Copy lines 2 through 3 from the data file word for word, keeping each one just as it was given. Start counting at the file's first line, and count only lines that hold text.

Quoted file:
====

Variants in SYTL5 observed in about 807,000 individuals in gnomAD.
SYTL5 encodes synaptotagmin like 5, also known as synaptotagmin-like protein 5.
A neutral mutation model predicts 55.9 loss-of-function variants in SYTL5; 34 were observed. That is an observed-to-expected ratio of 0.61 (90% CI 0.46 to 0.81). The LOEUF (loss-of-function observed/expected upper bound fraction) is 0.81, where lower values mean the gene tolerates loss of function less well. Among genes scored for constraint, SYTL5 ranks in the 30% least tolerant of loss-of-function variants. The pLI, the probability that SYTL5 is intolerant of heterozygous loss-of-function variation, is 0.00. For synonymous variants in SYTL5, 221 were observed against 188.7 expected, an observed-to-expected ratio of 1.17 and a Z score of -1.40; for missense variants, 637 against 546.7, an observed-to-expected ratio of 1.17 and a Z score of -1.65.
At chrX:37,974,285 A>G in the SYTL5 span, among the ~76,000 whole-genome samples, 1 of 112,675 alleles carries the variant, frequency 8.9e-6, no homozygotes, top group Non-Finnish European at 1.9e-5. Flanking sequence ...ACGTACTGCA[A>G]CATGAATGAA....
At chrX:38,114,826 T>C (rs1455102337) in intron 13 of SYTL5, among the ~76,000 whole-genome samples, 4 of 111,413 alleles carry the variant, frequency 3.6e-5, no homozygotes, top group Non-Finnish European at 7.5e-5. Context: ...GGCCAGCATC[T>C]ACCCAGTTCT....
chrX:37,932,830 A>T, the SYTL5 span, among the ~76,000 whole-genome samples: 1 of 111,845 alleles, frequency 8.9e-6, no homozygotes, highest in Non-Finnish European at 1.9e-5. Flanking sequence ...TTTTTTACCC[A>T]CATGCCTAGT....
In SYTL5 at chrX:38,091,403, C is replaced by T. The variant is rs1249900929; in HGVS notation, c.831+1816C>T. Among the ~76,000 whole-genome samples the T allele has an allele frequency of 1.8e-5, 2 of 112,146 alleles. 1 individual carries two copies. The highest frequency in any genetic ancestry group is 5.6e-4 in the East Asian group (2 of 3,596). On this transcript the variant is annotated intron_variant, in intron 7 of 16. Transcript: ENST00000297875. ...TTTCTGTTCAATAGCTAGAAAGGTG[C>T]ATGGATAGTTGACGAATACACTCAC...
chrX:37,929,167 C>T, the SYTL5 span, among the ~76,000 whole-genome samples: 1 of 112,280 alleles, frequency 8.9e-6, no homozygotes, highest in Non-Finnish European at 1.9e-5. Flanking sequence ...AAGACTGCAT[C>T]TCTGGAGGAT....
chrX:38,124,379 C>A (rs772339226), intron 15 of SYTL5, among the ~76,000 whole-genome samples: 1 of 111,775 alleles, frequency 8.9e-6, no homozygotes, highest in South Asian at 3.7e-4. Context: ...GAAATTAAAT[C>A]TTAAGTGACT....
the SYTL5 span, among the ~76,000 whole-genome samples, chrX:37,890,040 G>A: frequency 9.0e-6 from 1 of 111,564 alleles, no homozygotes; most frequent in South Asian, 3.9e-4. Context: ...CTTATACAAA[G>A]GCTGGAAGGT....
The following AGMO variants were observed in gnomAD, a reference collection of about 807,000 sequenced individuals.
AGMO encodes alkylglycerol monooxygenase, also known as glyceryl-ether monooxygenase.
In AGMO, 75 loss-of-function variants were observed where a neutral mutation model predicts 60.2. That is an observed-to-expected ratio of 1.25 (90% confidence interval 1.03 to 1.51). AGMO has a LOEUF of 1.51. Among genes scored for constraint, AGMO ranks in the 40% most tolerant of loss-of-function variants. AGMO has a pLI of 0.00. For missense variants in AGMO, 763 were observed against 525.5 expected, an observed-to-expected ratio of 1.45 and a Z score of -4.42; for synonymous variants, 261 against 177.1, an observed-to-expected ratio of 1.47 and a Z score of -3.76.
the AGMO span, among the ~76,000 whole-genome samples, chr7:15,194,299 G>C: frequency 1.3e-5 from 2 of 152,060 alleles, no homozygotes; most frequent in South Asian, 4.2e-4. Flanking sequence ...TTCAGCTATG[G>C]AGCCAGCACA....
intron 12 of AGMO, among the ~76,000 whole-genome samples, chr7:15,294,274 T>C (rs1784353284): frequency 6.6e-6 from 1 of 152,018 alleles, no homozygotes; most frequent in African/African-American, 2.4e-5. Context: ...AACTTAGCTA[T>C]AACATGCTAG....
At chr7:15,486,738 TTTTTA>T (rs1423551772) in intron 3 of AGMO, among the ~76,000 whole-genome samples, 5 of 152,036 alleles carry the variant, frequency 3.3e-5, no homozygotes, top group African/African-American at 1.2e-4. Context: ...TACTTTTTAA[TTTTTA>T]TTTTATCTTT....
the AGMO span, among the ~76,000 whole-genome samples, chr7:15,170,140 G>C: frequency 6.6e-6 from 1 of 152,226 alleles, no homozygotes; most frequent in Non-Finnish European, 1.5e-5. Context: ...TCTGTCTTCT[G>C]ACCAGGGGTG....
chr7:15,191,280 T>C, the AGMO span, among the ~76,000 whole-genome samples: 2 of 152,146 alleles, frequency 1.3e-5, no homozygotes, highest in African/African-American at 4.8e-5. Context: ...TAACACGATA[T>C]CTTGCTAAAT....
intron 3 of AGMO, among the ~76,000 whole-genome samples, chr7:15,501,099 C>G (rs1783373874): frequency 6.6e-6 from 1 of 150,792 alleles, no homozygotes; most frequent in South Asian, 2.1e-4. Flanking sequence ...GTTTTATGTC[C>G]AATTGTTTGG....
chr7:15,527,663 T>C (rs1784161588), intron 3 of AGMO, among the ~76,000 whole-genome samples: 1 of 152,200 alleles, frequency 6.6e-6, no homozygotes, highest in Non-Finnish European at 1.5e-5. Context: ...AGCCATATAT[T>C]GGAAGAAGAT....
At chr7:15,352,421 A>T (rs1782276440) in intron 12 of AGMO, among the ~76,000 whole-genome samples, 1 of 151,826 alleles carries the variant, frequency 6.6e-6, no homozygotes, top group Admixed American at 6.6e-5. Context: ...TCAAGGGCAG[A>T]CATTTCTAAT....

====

SYTL5 encodes synaptotagmin like 5, also known as synaptotagmin-like protein 5.
A neutral mutation model predicts 55.9 loss-of-function variants in SYTL5; 34 were observed. That is an observed-to-expected ratio of 0.61 (90% CI 0.46 to 0.81). The LOEUF (loss-of-function observed/expected upper bound fraction) is 0.81, where lower values mean the gene tolerates loss of function less well. Among genes scored for constraint, SYTL5 ranks in the 30% least tolerant of loss-of-function variants. The pLI, the probability that SYTL5 is intolerant of heterozygous loss-of-function variation, is 0.00. For synonymous variants in SYTL5, 221 were observed against 188.7 expected, an observed-to-expected ratio of 1.17 and a Z score of -1.40; for missense variants, 637 against 546.7, an observed-to-expected ratio of 1.17 and a Z score of -1.65.